Why The Political Biopic Is Perhaps Not Possible In The Realm Of Bollywood

Gautam Chintamani

Feb 10, 2017, 07:15 PM | Updated 07:15 PM IST

 India’s prime minister Lal Bahadur Shastri (AFP/Getty Images)
India’s prime minister Lal Bahadur Shastri (AFP/Getty Images)
  • Hindi cinema couldn’t muster a political biopic in the early years after independence. Can it do so now, when many more people are much more divided along political lines?
  • It is said that to know who rules over you simply find out who you are not allowed to criticise. Often credited to Voltaire, this quote may or may not be his, but it does put things in perspective. Perhaps, the same could also be extended to the missing political biopics in Hindi cinema.

    Biopics, like life, cannot be complete without mentioning the trials, failures, and bad decisions but to expect anything less than a hagiography would be unbecoming of Bollywood. Beyond the historical, the patriotic and the political thriller, yes, there have been more than a few even in Hindi films, the political biopic has been conspicuous by its absence. The fact that it took almost a decade and a half after independence of India for someone to make a film on Bhagat Singh, Sukhdev and Rajguru, Shaheed (S. Ram Sharma, 1965) should be testimony enough why Hindi cinema is perhaps scared to frequent the genre.

    When compared to today, where only a handful of actors such as a Kamal Haasan are comfortable airing their political views in a straightforward manner, the political identity of mainstream Hindi actors back in the day was more in the open. One of the foremost actors known to this country, Balraj Sahni, was even imprisoned by the government for his Communist leanings and was brought to the sets of Halchal every day in a police van with special permission. He would come to the studio in his jail clothes, change into the costume of a police inspector as ironically enough he was portraying a cop, and after the day’s shooting change back into his prison attire and ferried back.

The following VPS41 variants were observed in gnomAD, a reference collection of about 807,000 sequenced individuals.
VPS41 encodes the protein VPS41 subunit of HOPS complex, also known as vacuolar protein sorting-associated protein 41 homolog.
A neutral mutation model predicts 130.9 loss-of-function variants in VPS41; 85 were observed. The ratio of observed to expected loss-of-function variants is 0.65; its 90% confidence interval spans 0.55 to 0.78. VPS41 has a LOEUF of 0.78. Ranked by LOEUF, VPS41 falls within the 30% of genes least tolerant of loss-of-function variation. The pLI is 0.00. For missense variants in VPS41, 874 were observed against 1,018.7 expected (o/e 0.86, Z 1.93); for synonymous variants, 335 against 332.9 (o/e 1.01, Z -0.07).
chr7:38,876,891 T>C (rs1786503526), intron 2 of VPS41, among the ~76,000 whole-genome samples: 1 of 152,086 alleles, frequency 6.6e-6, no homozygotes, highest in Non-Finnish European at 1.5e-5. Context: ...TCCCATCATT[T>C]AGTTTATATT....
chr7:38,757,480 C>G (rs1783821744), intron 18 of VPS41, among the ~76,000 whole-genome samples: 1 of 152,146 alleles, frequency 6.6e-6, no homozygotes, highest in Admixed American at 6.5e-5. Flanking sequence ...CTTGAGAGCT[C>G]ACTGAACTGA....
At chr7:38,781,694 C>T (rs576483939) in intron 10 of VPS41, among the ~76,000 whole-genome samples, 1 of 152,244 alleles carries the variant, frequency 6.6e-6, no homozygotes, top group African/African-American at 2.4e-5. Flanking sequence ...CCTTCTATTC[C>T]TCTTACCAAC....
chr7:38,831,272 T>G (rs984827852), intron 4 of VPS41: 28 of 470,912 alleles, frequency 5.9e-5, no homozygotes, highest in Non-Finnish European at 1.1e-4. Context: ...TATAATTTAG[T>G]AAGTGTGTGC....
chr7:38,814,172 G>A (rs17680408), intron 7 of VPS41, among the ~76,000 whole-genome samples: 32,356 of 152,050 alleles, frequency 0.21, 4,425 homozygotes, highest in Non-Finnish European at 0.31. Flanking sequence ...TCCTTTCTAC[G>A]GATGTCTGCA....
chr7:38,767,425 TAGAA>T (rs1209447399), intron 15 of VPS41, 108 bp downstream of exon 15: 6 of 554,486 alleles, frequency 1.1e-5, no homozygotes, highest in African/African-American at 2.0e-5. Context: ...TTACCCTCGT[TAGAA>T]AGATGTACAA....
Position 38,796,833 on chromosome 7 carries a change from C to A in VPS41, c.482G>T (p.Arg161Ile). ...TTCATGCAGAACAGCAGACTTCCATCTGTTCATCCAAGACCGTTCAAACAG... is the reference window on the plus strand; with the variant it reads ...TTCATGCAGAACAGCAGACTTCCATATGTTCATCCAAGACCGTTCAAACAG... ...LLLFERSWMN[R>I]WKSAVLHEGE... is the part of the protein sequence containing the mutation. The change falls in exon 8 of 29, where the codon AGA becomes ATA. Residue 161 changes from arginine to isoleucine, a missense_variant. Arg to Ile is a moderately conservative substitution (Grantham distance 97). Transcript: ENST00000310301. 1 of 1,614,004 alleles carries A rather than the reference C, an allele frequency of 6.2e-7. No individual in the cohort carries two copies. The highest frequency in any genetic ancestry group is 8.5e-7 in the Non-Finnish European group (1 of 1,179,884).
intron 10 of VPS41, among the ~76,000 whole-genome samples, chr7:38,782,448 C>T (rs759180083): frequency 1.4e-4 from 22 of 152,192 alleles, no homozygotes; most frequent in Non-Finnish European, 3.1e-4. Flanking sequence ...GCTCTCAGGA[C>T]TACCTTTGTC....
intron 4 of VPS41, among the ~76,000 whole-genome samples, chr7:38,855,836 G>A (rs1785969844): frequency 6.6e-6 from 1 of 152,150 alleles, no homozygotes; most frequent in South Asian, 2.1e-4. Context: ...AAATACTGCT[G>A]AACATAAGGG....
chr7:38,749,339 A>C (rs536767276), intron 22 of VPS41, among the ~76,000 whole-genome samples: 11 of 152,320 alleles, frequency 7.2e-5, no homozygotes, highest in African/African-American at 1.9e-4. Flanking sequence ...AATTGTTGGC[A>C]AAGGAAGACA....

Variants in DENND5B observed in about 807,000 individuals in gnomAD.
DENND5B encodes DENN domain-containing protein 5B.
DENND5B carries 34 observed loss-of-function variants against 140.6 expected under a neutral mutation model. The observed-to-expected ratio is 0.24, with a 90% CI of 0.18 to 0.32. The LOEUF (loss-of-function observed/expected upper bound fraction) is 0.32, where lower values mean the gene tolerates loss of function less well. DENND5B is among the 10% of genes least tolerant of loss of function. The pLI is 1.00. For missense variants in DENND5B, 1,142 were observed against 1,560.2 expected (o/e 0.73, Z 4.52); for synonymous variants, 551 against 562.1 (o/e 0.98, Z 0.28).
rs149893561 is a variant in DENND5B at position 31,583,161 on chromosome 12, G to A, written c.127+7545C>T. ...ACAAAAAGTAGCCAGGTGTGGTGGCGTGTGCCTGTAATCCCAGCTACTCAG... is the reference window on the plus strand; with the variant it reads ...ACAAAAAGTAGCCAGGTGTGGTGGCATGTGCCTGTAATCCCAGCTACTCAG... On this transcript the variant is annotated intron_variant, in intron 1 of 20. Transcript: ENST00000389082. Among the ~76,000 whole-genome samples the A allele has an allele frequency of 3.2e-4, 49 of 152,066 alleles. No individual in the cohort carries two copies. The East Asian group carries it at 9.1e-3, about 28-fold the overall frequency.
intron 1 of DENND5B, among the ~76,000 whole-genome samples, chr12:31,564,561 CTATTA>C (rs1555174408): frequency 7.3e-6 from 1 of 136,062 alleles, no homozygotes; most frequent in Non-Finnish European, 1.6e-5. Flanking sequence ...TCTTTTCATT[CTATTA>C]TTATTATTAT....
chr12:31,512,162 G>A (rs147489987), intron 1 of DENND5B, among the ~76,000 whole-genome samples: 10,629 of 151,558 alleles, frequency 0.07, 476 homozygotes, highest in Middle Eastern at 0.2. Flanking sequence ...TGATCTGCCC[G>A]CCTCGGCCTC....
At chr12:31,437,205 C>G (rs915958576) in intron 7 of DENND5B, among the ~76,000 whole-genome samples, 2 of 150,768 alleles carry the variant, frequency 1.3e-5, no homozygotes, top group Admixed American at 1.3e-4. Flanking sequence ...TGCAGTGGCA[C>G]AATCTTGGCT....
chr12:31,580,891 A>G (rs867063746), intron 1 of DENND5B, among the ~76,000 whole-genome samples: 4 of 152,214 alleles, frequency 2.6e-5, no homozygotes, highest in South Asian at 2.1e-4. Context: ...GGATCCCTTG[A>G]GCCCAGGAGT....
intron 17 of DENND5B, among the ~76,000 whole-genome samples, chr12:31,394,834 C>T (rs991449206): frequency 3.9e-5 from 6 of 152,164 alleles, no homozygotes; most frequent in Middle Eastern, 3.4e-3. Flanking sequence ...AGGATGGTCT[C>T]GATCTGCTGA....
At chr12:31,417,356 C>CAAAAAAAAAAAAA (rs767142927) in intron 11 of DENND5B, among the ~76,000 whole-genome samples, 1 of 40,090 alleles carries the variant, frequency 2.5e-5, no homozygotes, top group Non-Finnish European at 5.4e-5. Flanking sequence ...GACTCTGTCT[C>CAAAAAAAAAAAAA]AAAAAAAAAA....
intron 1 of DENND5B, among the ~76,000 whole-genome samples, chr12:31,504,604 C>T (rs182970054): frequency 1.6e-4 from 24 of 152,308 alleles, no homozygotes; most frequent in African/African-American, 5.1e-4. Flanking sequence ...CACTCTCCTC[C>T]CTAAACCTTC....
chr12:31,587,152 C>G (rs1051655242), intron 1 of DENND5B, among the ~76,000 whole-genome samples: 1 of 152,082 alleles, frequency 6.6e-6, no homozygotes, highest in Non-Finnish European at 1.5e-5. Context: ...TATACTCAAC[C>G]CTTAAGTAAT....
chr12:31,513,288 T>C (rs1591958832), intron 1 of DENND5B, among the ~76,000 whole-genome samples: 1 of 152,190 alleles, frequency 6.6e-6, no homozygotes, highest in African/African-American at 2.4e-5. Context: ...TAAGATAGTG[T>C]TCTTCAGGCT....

Many of the top stars, especially the triumvirate Dilip Kumar, Dev Anand and Raj Kapoor were often associated with the socialism attached to Pandit Jawaharlal Nehru, the first prime minister of India. At times the affinity with a political leader or the ideology that they stood for acted as a silent stimulus to portray the story – Raj Kapoor’s everyman in Shree 420 or on other occasions the leader would inspire or challenge a filmmaker such as Shri Lal Bahadur Shastri urging Manoj Kumar to make a film saluting the jawan and the kisan – the two who upheld the nation from the enemy. Manoj Kumar had met the prime minister during an award function and the brief exchange resulted in Upkar (Manoj Kumar, 1967).

    With such interactions, it would have been only natural for filmmakers to tell more stories about the people who shaped the nation. In fact, with the departure of the British that often made it tough for filmmakers to address nationalism in their films, things should have become easier. After all, you now did not need to lace lyrics with inferences such as ‘German ho ya Japani’ to superficially address the Germans or the Japanese to attack the British imperialism as done by Kavi Pradeep in the song Door hato ae duniyawalon Hindustan hamara hai in Kismet (Gyan Mukherjee, 1942). Was the belief in Nehruvian idealism so ingrained or such an intrinsic part of the ethos of Hindi cinema that a biopic of a political opponent such as Netaji Subhash Chandra Bose or Shyama Prasad Mukherjee was simply not imaginable even immediately after India became an independent nation?

    Of course, a biopic of the Congress’ political opponents such as Shyama Prasad Mukherjee, who served as Minister for Industry and Supply in Jawaharlal Nehru's cabinet but quit the Indian National Congress after a falling out with Nehru, would not have been a go-to topic considering the mood of the young nation but how come the first Indo-Pak war of 1948 or the liberation of Hyderabad in September 1948 were not perfect subjects for a political biopic? If Nehru could be fêted and even worshiped as a demigod during his lifetime wouldn’t it be befitting to have a biopic celebrate him?